The Durashift sensor is a plug in replacement which is good (assuming you have rearsets utilising a shiftrod), however it does not work, and my suspicion is that the voltage when at rest and or at each shift level is incompatible with the levels MV use for the Starlane strain based system.

Solution 1
There may be a simpler solution, my solution so far is based on building a system that I could tune and test multiple parameters. As yet I have not conducted tests to see if I can simplify the modifications. As a working premise I prefer to add a part rather than modify a supplier’s part as this means I have a simple purchase route for replacements.

Having measured and monitored the Starlane sensor voltages and profiles I have a specification to build to. I built an interface that sits in series between the ECU connector and the QS. My interface is supplied from the 5v nominal from the ECU and has the following modules:

1. 3 configurable voltages, one for at rest/upshift/downshift, these are 2.5/4.5/0.5v respectively
2. 2 voltage sensor circuits used to identify each of the shift voltage levels from the Durashift (these voltages are not compatible with the MV well mine at least)
3. An analogue switch arrangement (electronically controlled semiconductor switches not relays) that are controlled by the voltage sensor circuits. These route the required voltages (see 1) to the ECU.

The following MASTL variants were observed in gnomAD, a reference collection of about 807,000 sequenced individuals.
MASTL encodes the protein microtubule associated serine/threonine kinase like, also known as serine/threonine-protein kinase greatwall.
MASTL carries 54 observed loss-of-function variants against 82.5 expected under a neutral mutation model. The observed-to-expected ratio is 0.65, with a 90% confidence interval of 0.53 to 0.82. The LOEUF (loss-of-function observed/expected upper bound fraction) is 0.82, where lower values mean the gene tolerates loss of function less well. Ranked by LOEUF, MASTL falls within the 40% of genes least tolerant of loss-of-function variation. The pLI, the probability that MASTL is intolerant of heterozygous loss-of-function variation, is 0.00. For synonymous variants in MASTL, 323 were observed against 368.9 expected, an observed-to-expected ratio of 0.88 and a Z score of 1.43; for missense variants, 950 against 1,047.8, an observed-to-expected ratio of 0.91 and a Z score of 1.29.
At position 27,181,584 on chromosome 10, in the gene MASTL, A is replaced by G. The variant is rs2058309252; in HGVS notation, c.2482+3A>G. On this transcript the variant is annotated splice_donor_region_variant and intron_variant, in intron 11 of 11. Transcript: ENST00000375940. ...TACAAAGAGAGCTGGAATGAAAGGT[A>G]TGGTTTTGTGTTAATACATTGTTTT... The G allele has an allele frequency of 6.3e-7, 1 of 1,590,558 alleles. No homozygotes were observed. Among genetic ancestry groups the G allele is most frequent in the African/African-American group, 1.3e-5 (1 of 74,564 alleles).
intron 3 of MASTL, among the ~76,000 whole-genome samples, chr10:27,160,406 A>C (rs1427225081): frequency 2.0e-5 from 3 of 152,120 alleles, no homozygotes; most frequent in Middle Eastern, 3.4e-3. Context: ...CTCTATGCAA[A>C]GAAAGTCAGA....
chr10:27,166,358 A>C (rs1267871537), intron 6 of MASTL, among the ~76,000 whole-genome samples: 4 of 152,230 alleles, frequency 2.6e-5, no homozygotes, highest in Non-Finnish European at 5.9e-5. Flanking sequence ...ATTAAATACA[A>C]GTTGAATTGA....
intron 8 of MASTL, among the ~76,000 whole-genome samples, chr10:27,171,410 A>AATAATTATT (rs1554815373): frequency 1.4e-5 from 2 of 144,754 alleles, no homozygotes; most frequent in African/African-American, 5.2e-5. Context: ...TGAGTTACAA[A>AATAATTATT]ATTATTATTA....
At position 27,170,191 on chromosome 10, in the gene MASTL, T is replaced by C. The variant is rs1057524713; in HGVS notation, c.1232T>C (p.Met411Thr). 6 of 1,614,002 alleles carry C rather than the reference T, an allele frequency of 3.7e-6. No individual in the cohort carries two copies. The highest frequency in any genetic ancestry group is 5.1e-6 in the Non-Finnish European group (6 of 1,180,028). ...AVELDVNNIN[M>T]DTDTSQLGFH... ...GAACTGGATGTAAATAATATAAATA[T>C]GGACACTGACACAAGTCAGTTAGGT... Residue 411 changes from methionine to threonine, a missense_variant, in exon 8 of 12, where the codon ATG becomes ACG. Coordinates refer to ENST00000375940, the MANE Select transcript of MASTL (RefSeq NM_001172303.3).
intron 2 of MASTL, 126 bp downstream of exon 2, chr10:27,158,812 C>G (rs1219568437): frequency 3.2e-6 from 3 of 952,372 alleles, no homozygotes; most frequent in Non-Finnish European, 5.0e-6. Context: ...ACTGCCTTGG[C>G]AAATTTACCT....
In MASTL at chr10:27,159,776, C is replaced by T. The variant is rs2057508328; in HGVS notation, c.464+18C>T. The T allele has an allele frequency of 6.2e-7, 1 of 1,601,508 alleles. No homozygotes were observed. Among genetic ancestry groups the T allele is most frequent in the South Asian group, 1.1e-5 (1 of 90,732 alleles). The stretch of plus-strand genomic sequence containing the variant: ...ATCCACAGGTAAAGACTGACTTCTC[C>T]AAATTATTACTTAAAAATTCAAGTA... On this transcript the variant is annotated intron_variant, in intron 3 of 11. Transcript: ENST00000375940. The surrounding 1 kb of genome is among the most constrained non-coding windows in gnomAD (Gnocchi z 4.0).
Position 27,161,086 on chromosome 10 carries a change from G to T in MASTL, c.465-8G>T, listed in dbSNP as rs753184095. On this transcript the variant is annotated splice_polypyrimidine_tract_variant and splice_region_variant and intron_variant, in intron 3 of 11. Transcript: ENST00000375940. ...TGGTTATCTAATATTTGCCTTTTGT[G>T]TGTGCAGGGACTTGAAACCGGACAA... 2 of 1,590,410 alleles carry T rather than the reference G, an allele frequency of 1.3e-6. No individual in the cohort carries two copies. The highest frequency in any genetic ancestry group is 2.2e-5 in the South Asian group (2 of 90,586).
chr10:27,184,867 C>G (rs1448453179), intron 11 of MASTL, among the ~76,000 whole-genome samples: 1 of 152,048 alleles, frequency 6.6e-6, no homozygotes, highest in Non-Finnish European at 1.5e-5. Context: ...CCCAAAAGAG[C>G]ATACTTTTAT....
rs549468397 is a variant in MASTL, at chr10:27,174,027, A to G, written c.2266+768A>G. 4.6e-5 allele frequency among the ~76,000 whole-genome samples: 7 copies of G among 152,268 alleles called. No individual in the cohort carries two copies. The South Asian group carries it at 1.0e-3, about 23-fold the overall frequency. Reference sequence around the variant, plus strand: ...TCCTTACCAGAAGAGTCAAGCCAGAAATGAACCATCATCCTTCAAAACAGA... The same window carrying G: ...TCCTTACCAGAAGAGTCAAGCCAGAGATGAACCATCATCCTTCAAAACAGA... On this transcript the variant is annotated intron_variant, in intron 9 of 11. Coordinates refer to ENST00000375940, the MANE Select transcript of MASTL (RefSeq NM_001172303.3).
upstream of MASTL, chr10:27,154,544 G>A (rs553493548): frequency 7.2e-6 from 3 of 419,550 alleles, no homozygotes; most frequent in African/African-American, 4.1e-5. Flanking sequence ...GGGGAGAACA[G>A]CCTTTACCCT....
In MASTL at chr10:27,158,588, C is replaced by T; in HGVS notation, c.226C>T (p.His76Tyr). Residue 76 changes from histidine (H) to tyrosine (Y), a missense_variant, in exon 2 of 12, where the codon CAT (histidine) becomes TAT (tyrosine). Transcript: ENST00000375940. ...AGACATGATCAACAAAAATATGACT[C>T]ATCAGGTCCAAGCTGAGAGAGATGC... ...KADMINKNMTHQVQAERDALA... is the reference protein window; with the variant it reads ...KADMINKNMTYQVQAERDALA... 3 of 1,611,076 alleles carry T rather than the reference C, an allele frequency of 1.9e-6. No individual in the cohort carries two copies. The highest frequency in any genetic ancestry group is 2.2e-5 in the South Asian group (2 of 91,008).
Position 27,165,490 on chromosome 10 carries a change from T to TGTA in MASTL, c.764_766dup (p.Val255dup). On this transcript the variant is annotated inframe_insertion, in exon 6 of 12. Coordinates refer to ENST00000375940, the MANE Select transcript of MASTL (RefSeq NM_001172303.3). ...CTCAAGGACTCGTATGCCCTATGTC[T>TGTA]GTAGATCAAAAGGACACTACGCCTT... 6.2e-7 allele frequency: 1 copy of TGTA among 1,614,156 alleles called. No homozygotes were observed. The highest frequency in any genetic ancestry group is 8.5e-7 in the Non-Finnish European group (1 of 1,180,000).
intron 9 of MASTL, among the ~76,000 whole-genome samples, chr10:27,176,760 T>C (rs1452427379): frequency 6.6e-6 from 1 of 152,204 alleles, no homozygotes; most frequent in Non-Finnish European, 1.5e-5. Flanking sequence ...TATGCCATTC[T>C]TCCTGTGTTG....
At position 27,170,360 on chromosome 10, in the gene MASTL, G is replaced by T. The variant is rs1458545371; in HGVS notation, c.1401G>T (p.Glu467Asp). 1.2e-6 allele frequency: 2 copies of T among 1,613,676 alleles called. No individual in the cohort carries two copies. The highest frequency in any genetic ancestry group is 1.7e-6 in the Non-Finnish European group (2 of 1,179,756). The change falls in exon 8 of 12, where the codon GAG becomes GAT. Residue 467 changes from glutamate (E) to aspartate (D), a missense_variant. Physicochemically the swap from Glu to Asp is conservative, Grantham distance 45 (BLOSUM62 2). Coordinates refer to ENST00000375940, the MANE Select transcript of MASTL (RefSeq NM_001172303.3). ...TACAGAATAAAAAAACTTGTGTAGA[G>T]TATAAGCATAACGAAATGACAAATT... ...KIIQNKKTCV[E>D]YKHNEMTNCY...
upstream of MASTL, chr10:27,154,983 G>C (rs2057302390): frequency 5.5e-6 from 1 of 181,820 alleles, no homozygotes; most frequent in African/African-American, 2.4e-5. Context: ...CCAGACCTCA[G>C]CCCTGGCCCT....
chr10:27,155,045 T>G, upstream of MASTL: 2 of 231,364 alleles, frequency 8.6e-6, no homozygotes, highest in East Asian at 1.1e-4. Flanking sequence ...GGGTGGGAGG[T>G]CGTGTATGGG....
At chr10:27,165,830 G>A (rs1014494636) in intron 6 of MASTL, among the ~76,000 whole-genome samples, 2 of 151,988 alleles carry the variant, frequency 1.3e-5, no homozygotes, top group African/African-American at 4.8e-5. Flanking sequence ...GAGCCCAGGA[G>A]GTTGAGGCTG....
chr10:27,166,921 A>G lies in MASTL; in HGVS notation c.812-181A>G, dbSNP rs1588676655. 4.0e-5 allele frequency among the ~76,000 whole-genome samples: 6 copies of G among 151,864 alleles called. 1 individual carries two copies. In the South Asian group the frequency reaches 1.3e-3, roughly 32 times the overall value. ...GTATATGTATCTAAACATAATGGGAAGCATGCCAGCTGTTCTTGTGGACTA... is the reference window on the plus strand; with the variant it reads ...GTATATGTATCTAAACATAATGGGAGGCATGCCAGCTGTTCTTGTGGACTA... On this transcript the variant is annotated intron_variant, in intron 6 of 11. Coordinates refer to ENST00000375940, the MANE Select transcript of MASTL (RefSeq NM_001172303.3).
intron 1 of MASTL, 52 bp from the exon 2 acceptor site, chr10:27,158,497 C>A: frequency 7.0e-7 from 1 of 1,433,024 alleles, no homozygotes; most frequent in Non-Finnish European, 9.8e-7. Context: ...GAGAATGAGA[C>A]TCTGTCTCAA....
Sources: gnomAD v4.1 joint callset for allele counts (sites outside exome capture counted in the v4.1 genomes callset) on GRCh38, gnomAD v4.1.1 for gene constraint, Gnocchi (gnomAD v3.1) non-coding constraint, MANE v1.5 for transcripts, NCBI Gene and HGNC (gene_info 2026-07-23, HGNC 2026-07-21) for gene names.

Note: You may need to reverse the sensor to get the up-shift to work.

It may be sufficient to only adjust the at rest voltage, I've not tested that. The interface now replicates the levels seen from the Starlane.
There is a small amount of capacitance added to change the square wave shift to a waveform that creates a slower rising edge. The ECU appears tolerant of the longer shift signals seen from a switch based rather than a strain based system which is a more transient signal.

Solution 2 - which is what I am now running
Use ECU Studio and adjust the voltages there and just use the sensor as is.


If anyone wants further details then give me a shout and I will share whatever I have, part numbers for connectors to circuit theory.

I know its daft but riding an MV gives me a huge smile, far bigger than any other bike I had including my 2-strokes. Adding essentially superfluous features (which I have been guilty of scoffing at in the past) such as QS and Down Blipper along with the bark from a none exhaust valve equipped bike, should not change my opinion of the MV, but has accentuated the smile even more.